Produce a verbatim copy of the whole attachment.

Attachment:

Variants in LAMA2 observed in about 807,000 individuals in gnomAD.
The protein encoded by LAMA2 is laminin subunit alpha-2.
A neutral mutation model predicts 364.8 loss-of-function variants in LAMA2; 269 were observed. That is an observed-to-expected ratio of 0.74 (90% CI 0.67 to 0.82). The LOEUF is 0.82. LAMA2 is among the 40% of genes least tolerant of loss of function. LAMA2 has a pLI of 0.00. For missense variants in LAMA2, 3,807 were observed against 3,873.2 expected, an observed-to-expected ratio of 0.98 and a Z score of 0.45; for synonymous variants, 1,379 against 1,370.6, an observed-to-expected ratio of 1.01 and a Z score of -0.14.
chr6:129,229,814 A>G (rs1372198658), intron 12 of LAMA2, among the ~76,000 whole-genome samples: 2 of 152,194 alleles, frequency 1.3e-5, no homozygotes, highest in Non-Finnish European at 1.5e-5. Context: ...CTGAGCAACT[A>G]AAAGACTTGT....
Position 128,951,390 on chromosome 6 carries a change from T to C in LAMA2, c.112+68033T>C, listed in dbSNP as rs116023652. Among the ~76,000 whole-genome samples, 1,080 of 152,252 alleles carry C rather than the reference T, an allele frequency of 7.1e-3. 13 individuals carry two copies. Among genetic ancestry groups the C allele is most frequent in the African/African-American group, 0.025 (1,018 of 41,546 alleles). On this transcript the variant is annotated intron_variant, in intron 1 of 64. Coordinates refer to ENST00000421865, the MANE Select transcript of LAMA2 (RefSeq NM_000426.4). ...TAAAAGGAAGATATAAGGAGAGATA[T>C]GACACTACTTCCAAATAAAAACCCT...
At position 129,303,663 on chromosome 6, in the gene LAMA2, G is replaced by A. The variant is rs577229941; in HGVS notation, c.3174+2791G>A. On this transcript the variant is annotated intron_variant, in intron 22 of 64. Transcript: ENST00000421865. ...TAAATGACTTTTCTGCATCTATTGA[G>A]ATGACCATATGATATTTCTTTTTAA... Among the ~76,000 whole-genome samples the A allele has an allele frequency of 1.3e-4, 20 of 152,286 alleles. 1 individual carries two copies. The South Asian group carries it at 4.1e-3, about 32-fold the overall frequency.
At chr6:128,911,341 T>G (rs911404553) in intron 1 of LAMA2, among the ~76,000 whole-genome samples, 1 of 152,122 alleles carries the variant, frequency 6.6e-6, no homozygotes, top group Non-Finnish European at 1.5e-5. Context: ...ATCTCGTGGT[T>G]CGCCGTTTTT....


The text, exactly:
Variants in LAMA2 observed in about 807,000 individuals in gnomAD.
The protein encoded by LAMA2 is laminin subunit alpha-2.
A neutral mutation model predicts 364.8 loss-of-function variants in LAMA2; 269 were observed. That is an observed-to-expected ratio of 0.74 (90% CI 0.67 to 0.82). The LOEUF is 0.82. LAMA2 is among the 40% of genes least tolerant of loss of function. LAMA2 has a pLI of 0.00. For missense variants in LAMA2, 3,807 were observed against 3,873.2 expected, an observed-to-expected ratio of 0.98 and a Z score of 0.45; for synonymous variants, 1,379 against 1,370.6, an observed-to-expected ratio of 1.01 and a Z score of -0.14.
chr6:129,229,814 A>G (rs1372198658), intron 12 of LAMA2, among the ~76,000 whole-genome samples: 2 of 152,194 alleles, frequency 1.3e-5, no homozygotes, highest in Non-Finnish European at 1.5e-5. Context: ...CTGAGCAACT[A>G]AAAGACTTGT....
Position 128,951,390 on chromosome 6 carries a change from T to C in LAMA2, c.112+68033T>C, listed in dbSNP as rs116023652. Among the ~76,000 whole-genome samples, 1,080 of 152,252 alleles carry C rather than the reference T, an allele frequency of 7.1e-3. 13 individuals carry two copies. Among genetic ancestry groups the C allele is most frequent in the African/African-American group, 0.025 (1,018 of 41,546 alleles). On this transcript the variant is annotated intron_variant, in intron 1 of 64. Coordinates refer to ENST00000421865, the MANE Select transcript of LAMA2 (RefSeq NM_000426.4). ...TAAAAGGAAGATATAAGGAGAGATA[T>C]GACACTACTTCCAAATAAAAACCCT...
At position 129,303,663 on chromosome 6, in the gene LAMA2, G is replaced by A. The variant is rs577229941; in HGVS notation, c.3174+2791G>A. On this transcript the variant is annotated intron_variant, in intron 22 of 64. Transcript: ENST00000421865. ...TAAATGACTTTTCTGCATCTATTGA[G>A]ATGACCATATGATATTTCTTTTTAA... Among the ~76,000 whole-genome samples the A allele has an allele frequency of 1.3e-4, 20 of 152,286 alleles. 1 individual carries two copies. The South Asian group carries it at 4.1e-3, about 32-fold the overall frequency.
At chr6:128,911,341 T>G (rs911404553) in intron 1 of LAMA2, among the ~76,000 whole-genome samples, 1 of 152,122 alleles carries the variant, frequency 6.6e-6, no homozygotes, top group Non-Finnish European at 1.5e-5. Context: ...ATCTCGTGGT[T>G]CGCCGTTTTT....